Online video service Aereo suspended operations on Saturday, just days after its defeat at the Supreme Court.
“We have decided to pause our operations temporarily as we consult with the court and map out our next steps,” CEO and founder Chet Kanojia said in an email sent to subscribers over the weekend. Kanojia also promised to refund subscribers their last month's payment.
From its 2012 debut until this weekend, Aereo offered paying subscribers the opportunity to stream over-the-air television shows to their smartphones and tablets. The company also offered DVR functionality, allowing users to “record” shows for later viewing.
After initially launching in New York, the $8 a month service rolled out to 11 cities in the U.S.
A coalition of broadcasters sued to shut down Aereo, arguing that the service shouldn't be allowed to publicly perform television shows without paying retransmission fees. On Wednesday, the Supreme Court sided with the broadcasters, ruling 6-3 that Aereo infringed copyright.
The court rejected Aereo's argument that its architecture protected it from copyright infringement liability. Aereo uses dime-size antennas to capture programs and stream them on an antenna-to-user basis. The start-up said that the one-to-one nature of the streams meant they were “private,” and therefore didn't require licenses.
The Supreme Court said in its ruling that Aereo's underlying technology wasn't relevant to whether it infringed copyright.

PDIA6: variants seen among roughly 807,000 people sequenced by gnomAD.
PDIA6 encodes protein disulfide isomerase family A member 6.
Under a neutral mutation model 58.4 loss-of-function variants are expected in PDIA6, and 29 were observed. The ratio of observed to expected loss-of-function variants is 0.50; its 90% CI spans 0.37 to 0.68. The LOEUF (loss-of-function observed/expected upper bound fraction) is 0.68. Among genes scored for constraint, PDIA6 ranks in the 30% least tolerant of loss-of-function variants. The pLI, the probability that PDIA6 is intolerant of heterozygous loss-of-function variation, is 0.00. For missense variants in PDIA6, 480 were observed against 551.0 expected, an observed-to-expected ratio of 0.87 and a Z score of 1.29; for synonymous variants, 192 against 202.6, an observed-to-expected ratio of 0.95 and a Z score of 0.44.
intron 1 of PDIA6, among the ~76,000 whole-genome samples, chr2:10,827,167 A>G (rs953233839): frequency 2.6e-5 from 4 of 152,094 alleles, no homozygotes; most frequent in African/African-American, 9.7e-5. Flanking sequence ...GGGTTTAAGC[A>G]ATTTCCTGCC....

For his part, Kanojia continues to defend the company's business. “The spectrum that the broadcasters use to transmit over the air
programming belongs to the American public, and we believe you should have a right to access that live programming whether your antenna sits on the roof of your home, on top of your television or in the cloud,” he wrote.
He thanked subscribers for their “outpouring of support,” which he called “staggering.” “We are so grateful for your emails, Tweets and Facebook posts. Keep your voices loud and sign up for updates at ProtectMyAntenna.org -- our journey is far from done,” he wrote.
Aereo's next move is still unclear, but the company potentially could be hit with huge damages for copyright infringement. Aereo currently faces copyright lawsuits in New York, Boston and Salt Lake City. Those cases were placed on hold pending the Supreme Court ruling, but the litigation appears likely to resume now that the court has sided with the broadcasters.